One of the great things about country music is its legacy is so long, deep, vast, and rich, you can not only pick the name of a legendary artist and go spelunking through a long weekend of mining country gold, you can do the same with a given country era, or influence, or a regional flavor and lose yourself for a month finding new favorite songs, albums, and artists. This is what makes the country genre so ripe for discovery, and gives the music an incredible amount of variety. Certain eras can fit certain moods, mindsets, and occasions. The idea that the sonic scope of country music is limited is so shortsighted.
For the artists themselves, the same logic applies. Country music’s vastness gives them the opportunity to select a style that speaks to their passion the most, and then share their original sentiments with a specific era as the building block of their sound. We’ve seen this approach often in 2018, from Joshua Hedley delving deep first into the Countrypolitan era, Mike and the Moonpies with their distinctive take on early 80’s honky tonk, Sarah Shook with a decidedly Outlaw sound, and so on. Only stands to reason that the 90’s era with its polished style and slick, quippy songwriting could get the same treatment, and this is exactly what West Texas country newcomer Randall King has done with his debut, self-titled album.
Now that we’re 25 or 35 years removed from the 80’s and 90’s era, it infuses this particular sound with a sense of reverence and nostalgia that makes it something more than just retro. Emotions come rising to the surface in the way the songwriting and twang remind you of those tunes you heard on the radio growing up or in early adulthood, when certain loved ones were still around, and life was much less complicated. For some country listeners, the 90’s were when country music first started to sound new. But to others, it’s the first memories of country music they ever had.
A fourth generation hay hauler from the West Texas plains, Randall King is originally from the tiny town of Hereford, just west of Amarillo. He’s been kicking around the Texas scene for a while now, releasing an EP in 2016, and recently signing to the booking agency Red 11, allowing him to share some tour slots and stages with the finest in the Texas scene. Now he’s got the record he hopes takes him to the next level, and so far it’s earning big praise from listeners, and some of the biggest names in the genre.
With the same deft accuracy and studious understanding other country artists have evoked certain eras in the modern context, Randall King comes out swinging and fleetly re-imagines 90’s country with one sharp song after another. Some of the terminology and subject matter might be a little more tweaked to modern sensibilities, but the music is authentic, and you keep having to check the liner notes, telling yourself this must be a song you heard before from Alan Jackson, John Anderson, or early Garth Brooks who himself has been praising Randall King, saying recently,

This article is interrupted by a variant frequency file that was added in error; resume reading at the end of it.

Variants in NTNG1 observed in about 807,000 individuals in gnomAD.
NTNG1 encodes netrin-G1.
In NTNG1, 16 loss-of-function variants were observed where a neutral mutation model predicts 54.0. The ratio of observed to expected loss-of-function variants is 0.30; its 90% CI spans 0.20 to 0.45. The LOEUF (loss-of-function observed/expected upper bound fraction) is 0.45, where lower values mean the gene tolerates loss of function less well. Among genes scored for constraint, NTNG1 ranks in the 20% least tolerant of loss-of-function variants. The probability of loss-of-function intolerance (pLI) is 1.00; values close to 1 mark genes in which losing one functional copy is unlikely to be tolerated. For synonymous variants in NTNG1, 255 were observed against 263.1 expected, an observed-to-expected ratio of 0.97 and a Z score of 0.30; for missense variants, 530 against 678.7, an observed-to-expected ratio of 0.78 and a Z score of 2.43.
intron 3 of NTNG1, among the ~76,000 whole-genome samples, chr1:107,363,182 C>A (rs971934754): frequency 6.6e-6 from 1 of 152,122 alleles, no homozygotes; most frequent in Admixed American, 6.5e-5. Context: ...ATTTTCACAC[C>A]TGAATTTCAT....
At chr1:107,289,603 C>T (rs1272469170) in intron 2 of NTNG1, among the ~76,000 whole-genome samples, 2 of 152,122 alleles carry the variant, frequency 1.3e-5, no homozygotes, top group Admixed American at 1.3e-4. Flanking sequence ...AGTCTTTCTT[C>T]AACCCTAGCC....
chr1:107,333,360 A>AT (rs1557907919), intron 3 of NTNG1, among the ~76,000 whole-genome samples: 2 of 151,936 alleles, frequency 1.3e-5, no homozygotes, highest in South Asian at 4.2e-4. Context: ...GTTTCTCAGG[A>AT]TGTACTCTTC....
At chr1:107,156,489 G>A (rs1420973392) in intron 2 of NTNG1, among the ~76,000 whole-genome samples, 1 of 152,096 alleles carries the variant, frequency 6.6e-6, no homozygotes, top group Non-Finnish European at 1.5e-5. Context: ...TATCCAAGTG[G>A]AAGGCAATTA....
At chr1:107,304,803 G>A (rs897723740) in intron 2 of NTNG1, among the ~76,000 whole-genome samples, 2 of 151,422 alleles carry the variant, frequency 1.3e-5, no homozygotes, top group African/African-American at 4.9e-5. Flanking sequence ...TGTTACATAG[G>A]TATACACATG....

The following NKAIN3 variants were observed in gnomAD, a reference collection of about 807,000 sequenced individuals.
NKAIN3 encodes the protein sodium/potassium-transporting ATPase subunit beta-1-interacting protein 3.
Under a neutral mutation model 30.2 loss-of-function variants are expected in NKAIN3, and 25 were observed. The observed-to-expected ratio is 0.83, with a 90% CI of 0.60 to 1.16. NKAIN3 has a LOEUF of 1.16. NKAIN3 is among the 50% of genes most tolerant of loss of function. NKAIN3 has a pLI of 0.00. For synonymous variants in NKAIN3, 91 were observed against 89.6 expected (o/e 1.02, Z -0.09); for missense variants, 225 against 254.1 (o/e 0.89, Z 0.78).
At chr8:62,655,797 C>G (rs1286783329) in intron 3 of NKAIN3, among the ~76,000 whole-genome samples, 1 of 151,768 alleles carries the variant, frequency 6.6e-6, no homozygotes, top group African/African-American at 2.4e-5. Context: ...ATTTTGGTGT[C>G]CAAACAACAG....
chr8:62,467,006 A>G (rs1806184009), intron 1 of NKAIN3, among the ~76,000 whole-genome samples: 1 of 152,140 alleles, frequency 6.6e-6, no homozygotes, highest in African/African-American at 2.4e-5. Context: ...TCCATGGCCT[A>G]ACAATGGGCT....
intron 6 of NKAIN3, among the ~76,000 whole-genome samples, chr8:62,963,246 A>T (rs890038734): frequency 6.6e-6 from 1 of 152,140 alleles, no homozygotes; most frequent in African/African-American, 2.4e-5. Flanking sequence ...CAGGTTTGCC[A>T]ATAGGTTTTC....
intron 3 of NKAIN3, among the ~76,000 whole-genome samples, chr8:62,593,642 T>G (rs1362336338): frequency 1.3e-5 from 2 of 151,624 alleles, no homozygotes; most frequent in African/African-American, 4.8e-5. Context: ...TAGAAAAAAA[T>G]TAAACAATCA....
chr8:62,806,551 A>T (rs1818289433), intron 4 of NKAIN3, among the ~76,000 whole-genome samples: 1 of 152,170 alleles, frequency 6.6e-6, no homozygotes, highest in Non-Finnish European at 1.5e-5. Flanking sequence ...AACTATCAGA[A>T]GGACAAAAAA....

“Everybody always asks me, who are the new people that you’re looking at coming up. Guys, I’m going to tell you right now, this kid right here, Randall King. All I can say is, sweet guy, good guy, hell of a writer, hell of a songwriter. An independent artist. He’s not signed to a record label. This is what country music is all about for me.”
Granted, some see the late 80’s and early 90’s as the era when it all went sour in country music, specifically because of artists such as Garth Brooks ushering in such commercial success. But within that era there was a style of music that was most certainly still country and worthy of recollecting, even before balancing it out with today’s (sub)standards. Keith Whitley’s influence had songwriters of that time running circles around composers from multiple eras in regards to wit and wordplay.
Randall King wrote or co-wrote all but one of the 13 tracks on the new album. The aw shucks and simple cleverness of songs like “Takin’ Me A Heartbreak” and “Dent In It” are exactly the type of tunes people are talking about when they mention the term “real country,” and complain how the modern stuff misses the mark. Another favorite that has emerged off the new album is the touching “When He Knows Me” about dealing with the memory loss of a loved one that so many people have to suffer through as parents and grandparents age. Very specifically about Randall’s grandfather, the personal nature of the song comes through in the writing and performance, and may lubricate a few eyes.
When making this kind of country, a corny-ness can come with the territory, and at times that creeps into the writing process for Randall. The awkward pause in the chorus of “Break It” almost feels a little too characteristic of someone else’s song to work in this instance. “Tuggin’ On My Heartstrings” may struggle to find the right balance between clever and just plain silly. But there are still some good love songs on the record, like the driving, but sentimental “Her Miss Me Days Are Gone.”
Along with the songwriting modes, the music itself is spot on for re-imagining a by-gone time in country music when words and songwriting mattered, and the steel guitar was an essential element. You really do feel like you’ve just unwrapped the cellophane off a 25-year-old record for the first time, even if this is at the expense of some originality in the approach, which is another fair concern.
Older artists such as the recently-passed Daryle Singletary, Gene Watson, and others have done their level best to keep this era of country music alive. And now joining other younger artists such as Mo Pitney and William Michael Morgan, Randall King is making sure the best portions of an important era in country music don’t go the way of the dinosaur, but instead are preserved for future generations to be influenced from and discover as the diverse and expansive timeline of country music continues on.